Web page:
Maribeth Monroe addresses guests and alumni at the June 29 dedication of the Ashland Catholic schools’ wall mural accompanied by mural artist Sue Martinsen. A brief history was presented for each of the schools and cameos depicted. (Photo courtesy Ed Monroe)

Jenny Snarski
Catholic Herald Staff

Ashland artist Sue Martinsen did not know her idea for a Catholic School-themed mural would coincide with the departure of the religious order that served the school communities for more than 140 years.

Kathy Culligan is a friend of Martinsen’s and a graduate of St. Agnes Academy, the former name of Our Lady of the Lady Catholic School, and De Padua High School. She told the Catholic Herald when the artist showed her a sketch of her idea, “I knew it was going to be quite the adventure.”

With various murals on the west side of Ashland’s downtown district, Martinsen had been looking for a project for the east end. The suggestion was made to focus on the Catholic schools that had existed, merged and closed, and honor and remember those involved with the institutions.

Culligan assured Martinsen that she would easily find the sponsorships needed to complete the mural.

“I know De Paduans,” Culligan asserted. The graduates from the Catholic high school, which was open from 1929 until 1967, have maintained a special bond and strong support of educational institutions in Ashland.

Ric Johnson is the business manager for Our Lady of the Lake Parish and school. He commented, “The DePadua School alumnae have, for decades, kept the memory of the DePadua High School in Ashland alive. Between many yearly class reunions, monetary support of school capital improvement projects (like the school replacement windows and the church stained glass windows restoration project) and through their interest in the Ashland City historical Franciscan mural installation, the alumnae are strong, active and ongoing supporters of Our Lady of the Lake School and parish.

“And besides, they are just fun people. They have great stories to tell, wonderful Ashland history and they always enjoy gathering for their yearly reunions – keeping the history of this 140-year-old parish and school alive.”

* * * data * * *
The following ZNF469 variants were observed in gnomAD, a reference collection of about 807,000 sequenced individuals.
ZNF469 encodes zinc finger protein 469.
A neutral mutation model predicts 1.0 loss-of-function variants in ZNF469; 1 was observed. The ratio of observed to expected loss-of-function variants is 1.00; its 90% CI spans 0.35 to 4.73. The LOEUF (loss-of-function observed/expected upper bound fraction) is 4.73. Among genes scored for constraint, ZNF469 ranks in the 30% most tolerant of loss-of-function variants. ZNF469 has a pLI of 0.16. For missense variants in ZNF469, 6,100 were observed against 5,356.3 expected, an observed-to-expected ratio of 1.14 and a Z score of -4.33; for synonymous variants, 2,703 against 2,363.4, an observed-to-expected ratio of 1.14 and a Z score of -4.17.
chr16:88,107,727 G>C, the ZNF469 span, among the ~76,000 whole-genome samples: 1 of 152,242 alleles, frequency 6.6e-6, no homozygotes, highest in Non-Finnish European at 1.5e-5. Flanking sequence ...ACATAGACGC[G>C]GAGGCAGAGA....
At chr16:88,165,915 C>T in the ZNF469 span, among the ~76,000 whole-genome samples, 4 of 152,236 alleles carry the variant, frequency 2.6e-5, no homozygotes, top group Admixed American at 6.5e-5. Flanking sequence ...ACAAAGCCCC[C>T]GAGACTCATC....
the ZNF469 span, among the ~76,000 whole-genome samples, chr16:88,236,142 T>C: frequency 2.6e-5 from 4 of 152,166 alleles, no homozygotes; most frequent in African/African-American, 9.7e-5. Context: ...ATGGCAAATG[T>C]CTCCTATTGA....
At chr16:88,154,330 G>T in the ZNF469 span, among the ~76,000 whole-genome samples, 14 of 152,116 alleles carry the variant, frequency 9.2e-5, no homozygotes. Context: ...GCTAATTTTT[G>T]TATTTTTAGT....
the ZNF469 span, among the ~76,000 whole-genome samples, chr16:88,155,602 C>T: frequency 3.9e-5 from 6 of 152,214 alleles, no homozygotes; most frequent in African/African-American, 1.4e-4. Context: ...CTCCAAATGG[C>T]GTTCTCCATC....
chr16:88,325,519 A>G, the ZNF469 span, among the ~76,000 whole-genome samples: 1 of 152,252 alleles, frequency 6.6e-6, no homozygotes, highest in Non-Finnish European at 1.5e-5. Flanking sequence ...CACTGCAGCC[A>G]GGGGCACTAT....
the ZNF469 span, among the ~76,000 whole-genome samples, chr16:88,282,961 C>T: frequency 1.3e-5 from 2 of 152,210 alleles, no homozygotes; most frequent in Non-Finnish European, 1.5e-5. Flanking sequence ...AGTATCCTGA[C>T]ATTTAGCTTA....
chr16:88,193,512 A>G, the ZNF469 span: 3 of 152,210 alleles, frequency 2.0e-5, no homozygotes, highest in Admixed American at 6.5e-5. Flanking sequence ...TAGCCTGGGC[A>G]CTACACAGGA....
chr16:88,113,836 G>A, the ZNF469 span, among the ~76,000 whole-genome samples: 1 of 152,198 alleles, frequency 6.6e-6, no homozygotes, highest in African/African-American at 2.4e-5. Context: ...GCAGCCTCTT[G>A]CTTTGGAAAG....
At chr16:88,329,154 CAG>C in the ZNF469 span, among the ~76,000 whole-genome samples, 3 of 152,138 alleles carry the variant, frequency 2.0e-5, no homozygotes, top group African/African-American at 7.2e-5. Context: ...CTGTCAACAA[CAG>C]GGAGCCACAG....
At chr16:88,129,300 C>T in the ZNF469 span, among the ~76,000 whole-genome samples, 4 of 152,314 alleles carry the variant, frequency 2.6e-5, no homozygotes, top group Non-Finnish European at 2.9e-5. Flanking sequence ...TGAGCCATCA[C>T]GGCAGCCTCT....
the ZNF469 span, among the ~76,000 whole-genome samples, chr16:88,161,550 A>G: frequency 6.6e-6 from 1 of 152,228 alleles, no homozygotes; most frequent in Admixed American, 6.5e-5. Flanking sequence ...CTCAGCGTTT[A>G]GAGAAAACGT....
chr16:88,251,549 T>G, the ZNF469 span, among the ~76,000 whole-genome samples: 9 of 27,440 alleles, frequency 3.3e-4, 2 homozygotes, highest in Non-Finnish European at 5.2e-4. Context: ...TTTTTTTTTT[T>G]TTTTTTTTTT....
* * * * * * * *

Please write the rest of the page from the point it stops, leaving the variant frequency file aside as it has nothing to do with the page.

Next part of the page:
The seed ideas for the mural started to germinate before anyone knew that the mural would be finished and dedicated to coincide with the region’s farewell to the Franciscans.

Culligan admitted still being “heartbroken” about the order leaving, “but I accept what is going to happen; my faith is stronger than the Franciscans or diocesans, so I can live through that.”

Once the departure and mural timelines were known, the idea of a celebratory alumni reunion and picnic was suggested and quickly took off. With the help of siblings Jeff and Mary Beth Muse, Culligan organized the event, which approximately 150 attended.

The reunion picnic was held after the mural dedication, which took place June 29 at the mural location, the west side of Super H Foods on East Main Street.

Culligan’s father has siblings who graduated from De Padua High School, and all of her siblings attended, with her youngest sister graduating from Ashland High School two years after De Padua closed. She said the De Padua building – which housed both the high school and St. Agnes Academy before the current school building was constructed – “was an icon for years.”

She remembers when they moved to the new building for middle school, “As a sixth-grader, walking across the street with my little pillowcase with books and things, going into the new school.”

“Wonderful memories,” she said, of her two years at Our Lady of the Lakes – the name after Holy Family Elementary School and St. Agnes Academy merged.

Culligan also remembers there being approximately 250 students in the high school at peak enrollment. Numbers dwindled and the high school couldn’t afford to keep its doors open; it closed in 1967.

She remembers the day the De Padua building was torn down as “one of the saddest.”

“It was hard for a lot of us. It was a great place,” she said.

Once those doors closed, memories lived on. Alumni and parishioners of the Ashland Catholic schools and church believe these memories will continue to hold fast again as the community begins another new chapter without the Franciscans.

The De Padua Mural will help maintain those memories.

Four schools are included in the mural – Holy Family, St. Agnes, De Padua and Our Lady of the Lake.

Individual portraits were made available to be commissioned. Culligan said that many classes combined funds to honor former teachers and nuns, both living and deceased; others were commissioned by family members in the area.

One in particular is Sr. Alicita, 91 years old and living in La Crosse, unable to attend the dedication due to health concerns. According to Culligan, she turned the school’s music program around and brought it to a very high level.

Culligan still visits her on occasion, and shared, “Her short-term memory is failing, but her memories of De Padua are as sharp as ever. We all love her dearly.”

Culligan embodies the spirit and support Johnson affirmed. Speaking with the Herald the week prior to the dedication and reunion, she was looking forward to the alumni gathering, eager for the chance to sing the school’s “rah rah red and white song” one more time.